Facebook Messenger: Reach out to friends, contacts (podcast)

Larry Magid speaks with Facebook spokesperson Meredith Chin about the company's new Messenger product.

Facebook Messenger lets you send messages to one or more contacts. Facebook

Facebook's new standalone Messenger app for iPhone and Android is designed to help you reach out to Facebook friends or people in your mobile contact list in what Facebook spokesperson Meredith Chin described as a "fast and easy way."

Facebook spokesperson Meredith Chin

The app can be used to reach out to a single friend or a group of friends but you have to select each member of the group individually. It doesn't support the "group" or "list" functions in Facebook that make it possible to post messages to entire groups on the Facebook Web site. It does, however, allow people who receive messages to add their friends, according to Chin. As an example, Chin (scroll down to listen to the full interview) talked about a group of people wanting to see a movie together. "You can add all these people to a conversation on Facebook Messenger," she said, "and you can coordinate in real time who's going to meet where and where you guys are sitting."

The release of Facebook Messenger comes at the same time that some British politicians are asking for the suspension of the use of BlackBerry Messenger in London because of the role BBM has reportedly played in helping coordinate rioting and looting. One concern expressed by some is that BBM messages are anonymous, password-protected, and hard to trace, With Facebook Messenger, all messages are associated with the "real name" the sender used when signing up with Facebook. The messages will only go to the people who are part of the conversation and won't be posted on your Facebook profile, according to Chin.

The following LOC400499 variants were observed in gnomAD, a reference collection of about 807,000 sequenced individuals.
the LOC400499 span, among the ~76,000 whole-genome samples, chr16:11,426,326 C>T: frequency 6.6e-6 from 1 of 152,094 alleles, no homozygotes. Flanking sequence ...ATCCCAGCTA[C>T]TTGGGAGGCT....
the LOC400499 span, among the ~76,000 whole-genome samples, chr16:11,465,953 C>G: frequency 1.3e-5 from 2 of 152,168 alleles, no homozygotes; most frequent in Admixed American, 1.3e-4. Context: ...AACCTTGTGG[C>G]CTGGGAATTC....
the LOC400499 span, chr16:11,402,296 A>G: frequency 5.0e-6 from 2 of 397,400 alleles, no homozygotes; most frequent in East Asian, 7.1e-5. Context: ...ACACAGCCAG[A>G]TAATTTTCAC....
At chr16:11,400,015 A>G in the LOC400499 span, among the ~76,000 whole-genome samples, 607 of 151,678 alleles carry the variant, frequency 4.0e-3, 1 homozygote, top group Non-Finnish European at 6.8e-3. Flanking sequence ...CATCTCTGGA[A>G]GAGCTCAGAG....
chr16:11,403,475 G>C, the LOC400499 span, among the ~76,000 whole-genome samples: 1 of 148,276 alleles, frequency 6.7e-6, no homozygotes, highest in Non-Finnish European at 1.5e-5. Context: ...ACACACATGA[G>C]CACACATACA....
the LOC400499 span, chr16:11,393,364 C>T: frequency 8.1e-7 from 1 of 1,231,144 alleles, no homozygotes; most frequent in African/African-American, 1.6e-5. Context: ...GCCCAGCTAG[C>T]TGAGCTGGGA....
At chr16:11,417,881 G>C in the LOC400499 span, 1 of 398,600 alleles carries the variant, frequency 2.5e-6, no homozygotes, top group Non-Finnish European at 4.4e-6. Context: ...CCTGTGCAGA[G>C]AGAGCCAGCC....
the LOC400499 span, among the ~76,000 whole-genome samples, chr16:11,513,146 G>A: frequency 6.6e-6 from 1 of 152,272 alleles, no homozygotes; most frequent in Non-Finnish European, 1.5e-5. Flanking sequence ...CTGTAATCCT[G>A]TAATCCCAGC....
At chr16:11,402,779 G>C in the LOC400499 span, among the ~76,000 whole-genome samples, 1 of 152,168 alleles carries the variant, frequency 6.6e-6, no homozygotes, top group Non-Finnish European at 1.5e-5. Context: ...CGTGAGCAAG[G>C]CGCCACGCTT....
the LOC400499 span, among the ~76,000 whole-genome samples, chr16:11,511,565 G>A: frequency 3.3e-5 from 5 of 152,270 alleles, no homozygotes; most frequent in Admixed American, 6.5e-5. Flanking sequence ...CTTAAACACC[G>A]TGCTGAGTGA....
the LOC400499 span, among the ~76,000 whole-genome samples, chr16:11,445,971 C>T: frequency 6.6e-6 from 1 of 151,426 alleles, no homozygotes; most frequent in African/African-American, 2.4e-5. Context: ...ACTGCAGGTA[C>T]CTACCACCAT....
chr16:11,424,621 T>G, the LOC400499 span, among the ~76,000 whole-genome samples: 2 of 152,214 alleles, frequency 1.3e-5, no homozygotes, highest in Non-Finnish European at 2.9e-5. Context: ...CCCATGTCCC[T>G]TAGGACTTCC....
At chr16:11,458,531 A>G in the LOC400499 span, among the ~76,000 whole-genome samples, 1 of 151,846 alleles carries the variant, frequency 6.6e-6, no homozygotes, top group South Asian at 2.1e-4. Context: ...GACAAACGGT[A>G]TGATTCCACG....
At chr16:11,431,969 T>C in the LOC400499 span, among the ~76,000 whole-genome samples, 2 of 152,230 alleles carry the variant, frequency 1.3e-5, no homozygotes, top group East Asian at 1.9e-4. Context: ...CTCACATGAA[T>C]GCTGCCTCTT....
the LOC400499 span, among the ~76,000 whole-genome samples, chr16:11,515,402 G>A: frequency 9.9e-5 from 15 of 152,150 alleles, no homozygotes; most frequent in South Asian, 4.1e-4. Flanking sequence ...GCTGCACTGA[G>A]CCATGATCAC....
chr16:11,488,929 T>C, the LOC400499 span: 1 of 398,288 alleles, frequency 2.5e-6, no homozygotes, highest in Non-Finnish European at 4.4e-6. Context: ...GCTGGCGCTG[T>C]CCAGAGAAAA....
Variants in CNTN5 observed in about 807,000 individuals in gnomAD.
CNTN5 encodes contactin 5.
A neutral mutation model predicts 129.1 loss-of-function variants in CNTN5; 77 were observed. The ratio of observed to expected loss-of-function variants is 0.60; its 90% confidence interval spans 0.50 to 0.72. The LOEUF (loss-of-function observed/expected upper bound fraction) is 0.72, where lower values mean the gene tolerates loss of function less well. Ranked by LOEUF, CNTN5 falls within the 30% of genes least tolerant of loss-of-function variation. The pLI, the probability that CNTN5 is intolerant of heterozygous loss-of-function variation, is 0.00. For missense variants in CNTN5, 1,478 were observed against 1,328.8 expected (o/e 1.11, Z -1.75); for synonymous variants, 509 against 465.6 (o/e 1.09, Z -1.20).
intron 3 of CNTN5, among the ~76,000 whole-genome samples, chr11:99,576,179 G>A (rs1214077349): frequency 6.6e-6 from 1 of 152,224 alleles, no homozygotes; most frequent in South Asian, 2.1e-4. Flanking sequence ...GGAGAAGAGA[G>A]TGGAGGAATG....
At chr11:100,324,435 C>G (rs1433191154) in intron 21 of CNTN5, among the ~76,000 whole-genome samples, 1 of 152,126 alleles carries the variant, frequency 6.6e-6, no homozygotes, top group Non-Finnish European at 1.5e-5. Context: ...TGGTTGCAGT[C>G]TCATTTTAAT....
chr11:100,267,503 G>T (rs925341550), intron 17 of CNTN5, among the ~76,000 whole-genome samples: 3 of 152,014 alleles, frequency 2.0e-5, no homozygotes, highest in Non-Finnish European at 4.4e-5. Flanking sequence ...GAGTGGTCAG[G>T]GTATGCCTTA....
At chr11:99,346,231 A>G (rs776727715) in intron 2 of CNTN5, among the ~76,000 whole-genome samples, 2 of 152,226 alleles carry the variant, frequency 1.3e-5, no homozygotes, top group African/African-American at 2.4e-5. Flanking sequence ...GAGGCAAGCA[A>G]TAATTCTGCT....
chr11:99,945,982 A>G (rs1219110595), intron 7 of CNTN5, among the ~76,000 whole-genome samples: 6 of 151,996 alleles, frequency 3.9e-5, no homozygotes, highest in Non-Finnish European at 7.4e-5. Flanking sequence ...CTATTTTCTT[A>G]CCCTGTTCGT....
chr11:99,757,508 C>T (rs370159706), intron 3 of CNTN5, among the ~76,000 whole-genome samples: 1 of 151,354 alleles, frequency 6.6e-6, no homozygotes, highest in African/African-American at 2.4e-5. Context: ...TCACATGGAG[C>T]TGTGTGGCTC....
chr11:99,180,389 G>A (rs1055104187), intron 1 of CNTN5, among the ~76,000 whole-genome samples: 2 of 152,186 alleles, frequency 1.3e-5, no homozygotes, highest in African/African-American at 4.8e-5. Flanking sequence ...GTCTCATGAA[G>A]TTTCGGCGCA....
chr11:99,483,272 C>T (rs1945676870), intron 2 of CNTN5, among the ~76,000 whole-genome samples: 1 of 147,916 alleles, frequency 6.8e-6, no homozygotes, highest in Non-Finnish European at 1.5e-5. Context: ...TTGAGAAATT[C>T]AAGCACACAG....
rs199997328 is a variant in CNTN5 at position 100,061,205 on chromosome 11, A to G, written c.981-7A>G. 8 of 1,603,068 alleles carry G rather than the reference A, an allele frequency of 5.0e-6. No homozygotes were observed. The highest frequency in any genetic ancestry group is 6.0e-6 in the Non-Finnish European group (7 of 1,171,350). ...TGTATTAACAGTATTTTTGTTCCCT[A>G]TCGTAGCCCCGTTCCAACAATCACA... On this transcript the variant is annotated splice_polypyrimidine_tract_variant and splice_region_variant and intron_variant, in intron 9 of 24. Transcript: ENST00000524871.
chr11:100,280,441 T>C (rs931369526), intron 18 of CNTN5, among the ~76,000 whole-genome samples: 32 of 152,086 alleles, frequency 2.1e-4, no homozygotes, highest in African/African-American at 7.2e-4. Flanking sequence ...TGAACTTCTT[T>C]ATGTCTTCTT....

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About the author

Larry Magid is a technology journalist and an Internet safety advocate. He's been writing and speaking about Internet safety since he wrote Internet safety guide "Child Safety on the Information Highway" in 1994. He is co-director of ConnectSafely.org, founder of SafeKids.com and SafeTeens.com, and a board member of the National Center for Missing & Exploited Children. Larry's technology analysis and commentary can be heard on CBS News and CBS affiliates, and read on CBSNews.com. He also writes a personal-tech column for the San Jose Mercury News. You can e-mail Larry.


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